Monday, 22 February 2010

House Hunting: Moving moments


We moved into our fnal resting place in 2001 on Halloween to be precise, six years later as I contemplated calling the builders in  for Phase II of the R£NOVATION, I spent my time day dreaming especially about those little ways and means of making the budget stretch just that little bit further....
"I swear the chimney creaked today. So I have been eyeing all day. As the winds howl round it and sleet slaps into it horizontally, I swear it must be moving - I actually want it to fall down! I long for it to fall down.
Just think of the damage a nine-foot chimney could do. Not those tall skinny ones on the more modern house such as a Georgian or Victorian one but a good old Tudor/Jacobean one, which houses an inglenook the size of a highly desirable London bed-sit.
Bearing in mind the Westerly gale, it should fall down the eastern part of the roof smashing through the attic, crashing across the small room, hopefully catching Charlie’s bedroom window on the way down. Wrecking the render perhaps? A good honest bit of damage. Roughly, what? Say £30,000 - £40,000.
I almost feel like walking along the roof ridge to give it a bit of a nudge. However, after some 450 years of being up there, my hopes are hardly likely to come true – I’ll just have to resort to the Lottery again.
Oh, how happy and na├»ve we were when we heard that the house was ours. The euphoria carried us for weeks and then the business of moving again cast a cloud over my existence. This would be the third move in two years – I suddenly realised just what my poor mother had to put up with following my father round the world with increasing regularity.
Whereas the move from London had been organised and slick, the move to Rookyard from rented accommodation was anything but. There was no Charlie to help; he was too tired of an evening to pack everything away. So it was left to me. I tried to put everything back in the right boxes but this time instead of knowing where everything was I didn’t and I didn’t know where I it was going either!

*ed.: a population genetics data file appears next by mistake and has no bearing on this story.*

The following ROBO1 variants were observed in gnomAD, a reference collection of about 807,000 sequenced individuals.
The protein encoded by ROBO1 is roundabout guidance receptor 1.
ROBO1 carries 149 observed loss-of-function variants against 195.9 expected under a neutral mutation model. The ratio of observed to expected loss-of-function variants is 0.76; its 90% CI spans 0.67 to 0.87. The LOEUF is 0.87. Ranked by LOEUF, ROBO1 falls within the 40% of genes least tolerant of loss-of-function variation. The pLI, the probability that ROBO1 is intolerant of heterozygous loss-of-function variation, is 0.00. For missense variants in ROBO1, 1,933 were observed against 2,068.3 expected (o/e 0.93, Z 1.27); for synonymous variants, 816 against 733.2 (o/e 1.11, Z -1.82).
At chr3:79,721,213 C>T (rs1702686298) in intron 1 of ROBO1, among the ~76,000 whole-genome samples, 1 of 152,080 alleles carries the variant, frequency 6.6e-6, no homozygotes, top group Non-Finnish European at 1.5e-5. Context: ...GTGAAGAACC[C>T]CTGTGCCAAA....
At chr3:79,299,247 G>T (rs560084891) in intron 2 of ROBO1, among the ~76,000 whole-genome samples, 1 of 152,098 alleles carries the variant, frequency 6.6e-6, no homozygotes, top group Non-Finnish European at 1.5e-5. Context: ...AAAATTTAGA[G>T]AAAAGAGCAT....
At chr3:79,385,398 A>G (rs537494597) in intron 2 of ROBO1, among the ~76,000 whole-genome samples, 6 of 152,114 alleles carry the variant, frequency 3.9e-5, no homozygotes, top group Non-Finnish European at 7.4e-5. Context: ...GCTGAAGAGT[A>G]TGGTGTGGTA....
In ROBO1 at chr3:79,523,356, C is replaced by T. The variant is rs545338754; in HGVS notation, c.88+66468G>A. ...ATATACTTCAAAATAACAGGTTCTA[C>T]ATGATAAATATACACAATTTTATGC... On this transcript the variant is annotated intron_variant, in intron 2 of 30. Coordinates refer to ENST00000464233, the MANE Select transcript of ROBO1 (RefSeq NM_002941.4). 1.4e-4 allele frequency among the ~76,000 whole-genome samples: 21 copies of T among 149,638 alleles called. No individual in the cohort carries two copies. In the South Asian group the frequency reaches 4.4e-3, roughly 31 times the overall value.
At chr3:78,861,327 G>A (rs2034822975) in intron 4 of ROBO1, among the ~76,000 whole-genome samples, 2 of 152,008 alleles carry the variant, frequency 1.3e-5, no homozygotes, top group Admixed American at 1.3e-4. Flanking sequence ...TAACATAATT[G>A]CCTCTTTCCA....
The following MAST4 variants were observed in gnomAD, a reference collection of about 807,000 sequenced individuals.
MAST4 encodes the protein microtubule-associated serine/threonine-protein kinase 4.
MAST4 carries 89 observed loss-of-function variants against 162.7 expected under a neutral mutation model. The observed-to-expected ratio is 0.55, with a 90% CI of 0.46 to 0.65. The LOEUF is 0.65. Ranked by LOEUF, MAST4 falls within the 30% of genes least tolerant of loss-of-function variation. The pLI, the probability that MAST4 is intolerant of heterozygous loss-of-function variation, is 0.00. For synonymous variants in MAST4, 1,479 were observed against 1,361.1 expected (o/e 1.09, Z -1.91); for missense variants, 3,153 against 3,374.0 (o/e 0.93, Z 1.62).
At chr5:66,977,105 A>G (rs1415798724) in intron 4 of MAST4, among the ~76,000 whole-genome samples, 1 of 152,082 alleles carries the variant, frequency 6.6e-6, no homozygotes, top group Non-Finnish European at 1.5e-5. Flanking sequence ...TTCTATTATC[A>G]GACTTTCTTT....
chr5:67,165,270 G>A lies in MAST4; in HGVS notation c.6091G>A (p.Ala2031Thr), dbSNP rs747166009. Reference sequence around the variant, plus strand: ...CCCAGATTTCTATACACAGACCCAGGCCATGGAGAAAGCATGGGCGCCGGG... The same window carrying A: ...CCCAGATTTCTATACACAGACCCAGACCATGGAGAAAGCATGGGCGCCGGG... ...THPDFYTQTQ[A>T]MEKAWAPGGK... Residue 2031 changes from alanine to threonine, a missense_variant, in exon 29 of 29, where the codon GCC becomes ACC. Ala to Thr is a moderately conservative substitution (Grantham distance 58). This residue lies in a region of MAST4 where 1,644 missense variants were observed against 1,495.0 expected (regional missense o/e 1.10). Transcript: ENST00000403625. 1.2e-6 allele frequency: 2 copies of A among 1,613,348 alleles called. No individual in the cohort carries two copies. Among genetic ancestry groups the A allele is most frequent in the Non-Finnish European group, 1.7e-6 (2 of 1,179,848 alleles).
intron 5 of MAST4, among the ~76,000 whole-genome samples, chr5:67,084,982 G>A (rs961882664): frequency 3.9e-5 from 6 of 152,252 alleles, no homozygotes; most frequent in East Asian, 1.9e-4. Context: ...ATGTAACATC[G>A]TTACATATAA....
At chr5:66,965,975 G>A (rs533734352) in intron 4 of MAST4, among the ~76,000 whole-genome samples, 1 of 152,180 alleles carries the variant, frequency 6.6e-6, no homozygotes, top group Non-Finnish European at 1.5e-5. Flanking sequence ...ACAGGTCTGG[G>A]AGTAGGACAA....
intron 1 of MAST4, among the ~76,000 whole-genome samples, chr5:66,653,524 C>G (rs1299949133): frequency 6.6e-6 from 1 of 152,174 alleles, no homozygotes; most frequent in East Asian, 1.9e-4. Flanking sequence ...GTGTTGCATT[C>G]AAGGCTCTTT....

The pressure was increased when our landlord kindly informed us that he had already let the house we were renting to the underbidders – the family that had gone on holiday.
F**k!!
So, there I was, frantically packing and cleaning and longing to get out of there before the Underbidders turned up. They were due to come round the house on the day we moved out. With luck we shouldn’t meet.
Luck’s not like that.
In the middle of slapping post it notes on the boxes, scrubbing the banisters, stuffing the cats into their basket, the Jack Russels go off in paroxysms of barking.
And there she is getting out of her gleaming brand new navy blue Volvo – the wife of the Underbidder.
As she stalks her way to the door she barks: “Well we made you pay for it!”
She enters: “Well, you haven’t done much with this place have you?”
She stomps upstairs: “Well, we’ll have to get them to make this room up, I’m not paying all this rent for that.”
I haven’t uttered a word, my mind has atrophied with shock and all the things I should be saying just don’t.
Me: “Well, umm, would you like some tea?”